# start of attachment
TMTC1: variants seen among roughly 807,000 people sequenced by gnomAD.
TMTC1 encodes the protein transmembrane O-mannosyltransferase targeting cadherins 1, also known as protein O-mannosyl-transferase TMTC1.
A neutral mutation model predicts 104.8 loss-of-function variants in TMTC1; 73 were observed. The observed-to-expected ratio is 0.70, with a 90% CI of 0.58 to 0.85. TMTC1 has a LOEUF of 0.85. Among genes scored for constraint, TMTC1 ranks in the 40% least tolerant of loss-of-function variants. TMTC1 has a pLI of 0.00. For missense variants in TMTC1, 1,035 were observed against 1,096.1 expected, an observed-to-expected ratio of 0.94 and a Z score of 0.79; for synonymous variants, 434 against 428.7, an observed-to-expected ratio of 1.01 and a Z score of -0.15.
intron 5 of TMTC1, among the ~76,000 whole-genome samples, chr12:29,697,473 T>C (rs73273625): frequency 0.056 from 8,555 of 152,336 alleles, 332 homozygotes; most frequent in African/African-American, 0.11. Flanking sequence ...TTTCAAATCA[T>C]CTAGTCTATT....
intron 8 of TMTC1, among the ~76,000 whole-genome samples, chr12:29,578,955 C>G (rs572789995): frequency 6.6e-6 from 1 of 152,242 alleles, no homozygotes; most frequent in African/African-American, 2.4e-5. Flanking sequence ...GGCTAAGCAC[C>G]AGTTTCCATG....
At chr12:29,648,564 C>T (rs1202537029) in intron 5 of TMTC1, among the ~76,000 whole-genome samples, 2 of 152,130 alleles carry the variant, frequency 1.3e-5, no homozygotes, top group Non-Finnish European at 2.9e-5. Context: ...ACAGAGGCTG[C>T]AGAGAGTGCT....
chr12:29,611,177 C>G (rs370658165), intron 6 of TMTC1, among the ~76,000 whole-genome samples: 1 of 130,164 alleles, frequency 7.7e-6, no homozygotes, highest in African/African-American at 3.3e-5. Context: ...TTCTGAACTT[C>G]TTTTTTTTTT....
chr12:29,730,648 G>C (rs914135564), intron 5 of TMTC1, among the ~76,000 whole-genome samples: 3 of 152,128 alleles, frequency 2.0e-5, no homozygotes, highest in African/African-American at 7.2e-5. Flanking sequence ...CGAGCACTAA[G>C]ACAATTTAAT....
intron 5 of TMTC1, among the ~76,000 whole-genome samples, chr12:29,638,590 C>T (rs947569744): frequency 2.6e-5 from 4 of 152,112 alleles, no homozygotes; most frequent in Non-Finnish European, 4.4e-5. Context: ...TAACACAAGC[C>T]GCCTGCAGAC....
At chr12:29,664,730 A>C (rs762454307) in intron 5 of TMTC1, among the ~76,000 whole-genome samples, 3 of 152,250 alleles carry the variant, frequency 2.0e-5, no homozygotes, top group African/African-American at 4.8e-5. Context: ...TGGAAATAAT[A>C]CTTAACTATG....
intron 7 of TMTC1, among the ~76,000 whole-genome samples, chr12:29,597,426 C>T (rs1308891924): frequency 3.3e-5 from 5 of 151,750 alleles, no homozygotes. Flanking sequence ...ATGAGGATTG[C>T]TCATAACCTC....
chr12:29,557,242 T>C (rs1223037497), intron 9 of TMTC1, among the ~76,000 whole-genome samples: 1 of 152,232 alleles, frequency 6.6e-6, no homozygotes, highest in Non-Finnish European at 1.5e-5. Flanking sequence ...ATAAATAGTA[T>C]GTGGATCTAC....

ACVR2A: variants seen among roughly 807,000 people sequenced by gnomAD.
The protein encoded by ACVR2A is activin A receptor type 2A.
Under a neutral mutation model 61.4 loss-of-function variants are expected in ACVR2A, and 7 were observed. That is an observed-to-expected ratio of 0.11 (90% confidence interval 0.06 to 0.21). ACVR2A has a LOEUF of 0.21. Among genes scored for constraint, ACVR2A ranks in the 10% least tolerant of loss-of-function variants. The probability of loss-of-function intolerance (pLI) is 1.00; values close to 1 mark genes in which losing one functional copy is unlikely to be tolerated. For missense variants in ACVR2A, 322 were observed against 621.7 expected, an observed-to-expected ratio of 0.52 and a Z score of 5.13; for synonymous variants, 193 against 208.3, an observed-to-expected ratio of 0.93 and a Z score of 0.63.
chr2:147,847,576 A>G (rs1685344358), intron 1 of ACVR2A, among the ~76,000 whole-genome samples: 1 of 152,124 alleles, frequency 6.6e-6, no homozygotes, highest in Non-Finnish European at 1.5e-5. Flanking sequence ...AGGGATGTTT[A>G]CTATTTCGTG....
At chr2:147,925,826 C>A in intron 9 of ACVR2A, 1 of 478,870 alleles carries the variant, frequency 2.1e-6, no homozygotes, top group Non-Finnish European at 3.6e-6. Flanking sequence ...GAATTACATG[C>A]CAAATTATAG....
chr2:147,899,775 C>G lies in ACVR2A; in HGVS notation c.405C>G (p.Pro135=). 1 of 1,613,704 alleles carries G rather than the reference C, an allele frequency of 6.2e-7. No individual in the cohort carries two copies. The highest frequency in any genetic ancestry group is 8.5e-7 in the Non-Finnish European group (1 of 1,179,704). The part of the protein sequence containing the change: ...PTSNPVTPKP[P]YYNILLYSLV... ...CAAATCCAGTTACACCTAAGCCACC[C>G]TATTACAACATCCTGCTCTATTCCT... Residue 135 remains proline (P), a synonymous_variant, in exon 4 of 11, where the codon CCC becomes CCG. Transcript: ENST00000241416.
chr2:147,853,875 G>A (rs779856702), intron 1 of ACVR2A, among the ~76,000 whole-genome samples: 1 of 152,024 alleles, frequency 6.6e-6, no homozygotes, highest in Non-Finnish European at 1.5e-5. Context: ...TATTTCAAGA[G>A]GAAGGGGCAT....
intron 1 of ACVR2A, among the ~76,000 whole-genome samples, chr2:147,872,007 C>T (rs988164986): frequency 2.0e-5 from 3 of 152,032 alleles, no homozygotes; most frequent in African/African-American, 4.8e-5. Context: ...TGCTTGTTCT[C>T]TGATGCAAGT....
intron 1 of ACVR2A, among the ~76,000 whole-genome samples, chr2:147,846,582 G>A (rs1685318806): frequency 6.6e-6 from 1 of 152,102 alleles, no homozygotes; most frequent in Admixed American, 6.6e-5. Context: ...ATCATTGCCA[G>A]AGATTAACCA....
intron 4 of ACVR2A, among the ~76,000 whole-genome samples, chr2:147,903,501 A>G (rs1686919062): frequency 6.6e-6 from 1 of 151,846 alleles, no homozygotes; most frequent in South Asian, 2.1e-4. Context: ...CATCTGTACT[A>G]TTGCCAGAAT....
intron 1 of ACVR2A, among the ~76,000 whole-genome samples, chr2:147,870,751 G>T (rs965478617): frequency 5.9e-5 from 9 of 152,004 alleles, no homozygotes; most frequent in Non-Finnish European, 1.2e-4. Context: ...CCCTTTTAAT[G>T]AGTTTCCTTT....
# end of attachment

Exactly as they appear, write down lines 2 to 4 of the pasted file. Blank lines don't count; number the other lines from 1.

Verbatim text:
TMTC1 encodes the protein transmembrane O-mannosyltransferase targeting cadherins 1, also known as protein O-mannosyl-transferase TMTC1.
A neutral mutation model predicts 104.8 loss-of-function variants in TMTC1; 73 were observed. The observed-to-expected ratio is 0.70, with a 90% CI of 0.58 to 0.85. TMTC1 has a LOEUF of 0.85. Among genes scored for constraint, TMTC1 ranks in the 40% least tolerant of loss-of-function variants. TMTC1 has a pLI of 0.00. For missense variants in TMTC1, 1,035 were observed against 1,096.1 expected, an observed-to-expected ratio of 0.94 and a Z score of 0.79; for synonymous variants, 434 against 428.7, an observed-to-expected ratio of 1.01 and a Z score of -0.15.
intron 5 of TMTC1, among the ~76,000 whole-genome samples, chr12:29,697,473 T>C (rs73273625): frequency 0.056 from 8,555 of 152,336 alleles, 332 homozygotes; most frequent in African/African-American, 0.11. Flanking sequence ...TTTCAAATCA[T>C]CTAGTCTATT....